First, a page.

Usable iron ore production in million metric tons for 2015[20] The mine production estimates for China are estimated from the National Bureau of Statistics China's crude ore statistics, rather than usable ore as reported for the other countries.[21]
Country Production
Australia 817,000,000 t (804,000,000 long tons; 901,000,000 short tons)
Brazil 397,000,000 t (391,000,000 long tons; 438,000,000 short tons)
China 375,000,000 t (369,000,000 long tons; 413,000,000 short tons)*
India 156,000,000 t (154,000,000 long tons; 172,000,000 short tons)
Russia 101,000,000 t (99,000,000 long tons; 111,000,000 short tons)
South Africa 73,000,000 t (72,000,000 long tons; 80,000,000 short tons)
Ukraine 67,000,000 t (66,000,000 long tons; 74,000,000 short tons)
United States 46,000,000 t (45,000,000 long tons; 51,000,000 short tons)
Canada 46,000,000 t (45,000,000 long tons; 51,000,000 short tons)
Iran 27,000,000 t (27,000,000 long tons; 30,000,000 short tons)
Sweden 25,000,000 t (25,000,000 long tons; 28,000,000 short tons)
Kazakhstan 21,000,000 t (21,000,000 long tons; 23,000,000 short tons)
Other countries 132,000,000 t (130,000,000 long tons; 146,000,000 short tons)
Total world 2,280,000,000 t (2.24×109 long tons; 2.51×109 short tons)

Iron is the world's most commonly used metal—steel, of which iron ore is the key ingredient, represents almost 95% of all metal used per year.[3] It is used primarily in structures, ships, automobiles, and machinery.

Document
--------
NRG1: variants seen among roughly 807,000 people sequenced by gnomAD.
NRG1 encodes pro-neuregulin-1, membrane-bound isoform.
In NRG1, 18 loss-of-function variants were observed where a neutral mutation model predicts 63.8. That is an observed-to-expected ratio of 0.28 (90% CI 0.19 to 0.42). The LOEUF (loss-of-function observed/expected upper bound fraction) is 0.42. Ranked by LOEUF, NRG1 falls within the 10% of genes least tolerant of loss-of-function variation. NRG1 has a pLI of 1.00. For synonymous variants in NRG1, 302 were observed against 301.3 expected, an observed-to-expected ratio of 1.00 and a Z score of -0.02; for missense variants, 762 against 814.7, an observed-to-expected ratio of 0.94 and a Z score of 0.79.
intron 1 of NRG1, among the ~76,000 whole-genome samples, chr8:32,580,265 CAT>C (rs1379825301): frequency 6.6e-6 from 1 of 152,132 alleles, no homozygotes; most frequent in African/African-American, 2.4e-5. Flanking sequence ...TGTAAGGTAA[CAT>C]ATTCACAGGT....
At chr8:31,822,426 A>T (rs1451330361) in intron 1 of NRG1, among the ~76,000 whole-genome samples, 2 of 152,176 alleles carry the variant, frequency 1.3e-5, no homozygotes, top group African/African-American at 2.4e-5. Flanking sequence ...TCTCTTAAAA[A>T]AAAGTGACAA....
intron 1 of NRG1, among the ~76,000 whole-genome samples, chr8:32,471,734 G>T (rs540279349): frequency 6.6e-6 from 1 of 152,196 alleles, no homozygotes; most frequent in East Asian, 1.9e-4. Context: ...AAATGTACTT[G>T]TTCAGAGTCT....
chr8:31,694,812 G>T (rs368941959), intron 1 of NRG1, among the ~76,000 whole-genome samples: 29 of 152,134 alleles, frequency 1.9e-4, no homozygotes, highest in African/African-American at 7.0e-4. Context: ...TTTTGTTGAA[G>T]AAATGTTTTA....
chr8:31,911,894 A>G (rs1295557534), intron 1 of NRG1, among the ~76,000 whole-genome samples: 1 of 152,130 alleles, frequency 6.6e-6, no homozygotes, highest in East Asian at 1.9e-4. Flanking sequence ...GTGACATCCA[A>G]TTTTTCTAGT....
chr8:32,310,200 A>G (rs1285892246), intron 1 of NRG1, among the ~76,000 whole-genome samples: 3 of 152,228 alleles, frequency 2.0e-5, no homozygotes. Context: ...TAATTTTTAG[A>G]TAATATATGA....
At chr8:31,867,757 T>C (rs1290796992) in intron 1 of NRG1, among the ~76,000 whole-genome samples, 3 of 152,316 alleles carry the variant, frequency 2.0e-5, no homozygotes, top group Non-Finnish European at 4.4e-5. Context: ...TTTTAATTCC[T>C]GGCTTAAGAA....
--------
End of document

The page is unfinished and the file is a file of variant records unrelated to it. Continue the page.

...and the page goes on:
Iron-rich rocks are common worldwide, but ore-grade commercial mining operations are dominated by the countries listed in the table aside. The major constraint to economics for iron ore deposits is not necessarily the grade or size of the deposits, because it is not particularly hard to geologically prove enough tonnage of the rocks exist. The main constraint is the position of the iron ore relative to market, the cost of rail infrastructure to get it to market, and the energy cost required to do so.

Mining iron ore is a high-volume, low-margin business, as the value of iron is significantly lower than base metals.[22] It is highly capital intensive, and requires significant investment in infrastructure such as rail in order to transport the ore from the mine to a freight ship.[22] For these reasons, iron ore production is concentrated in the hands of a few major players.

World production averages 2,000,000,000 t (2.0×109 long tons; 2.2×109 short tons) of raw ore annually. The world's largest producer of iron ore is the Brazilian mining corporation Vale, followed by Australian companies Rio Tinto Group and BHP. A further Australian supplier, Fortescue Metals Group Ltd, has helped bring Australia's production to first in the world.

The seaborne trade in iron ore—that is, iron ore to be shipped to other countries—was 849,000,000 t (836,000,000 long tons; 936,000,000 short tons) in 2004.[22] Australia and Brazil dominate the seaborne trade, with 72% of the market.[22] BHP, Rio and Vale control 66% of this market between them.[22]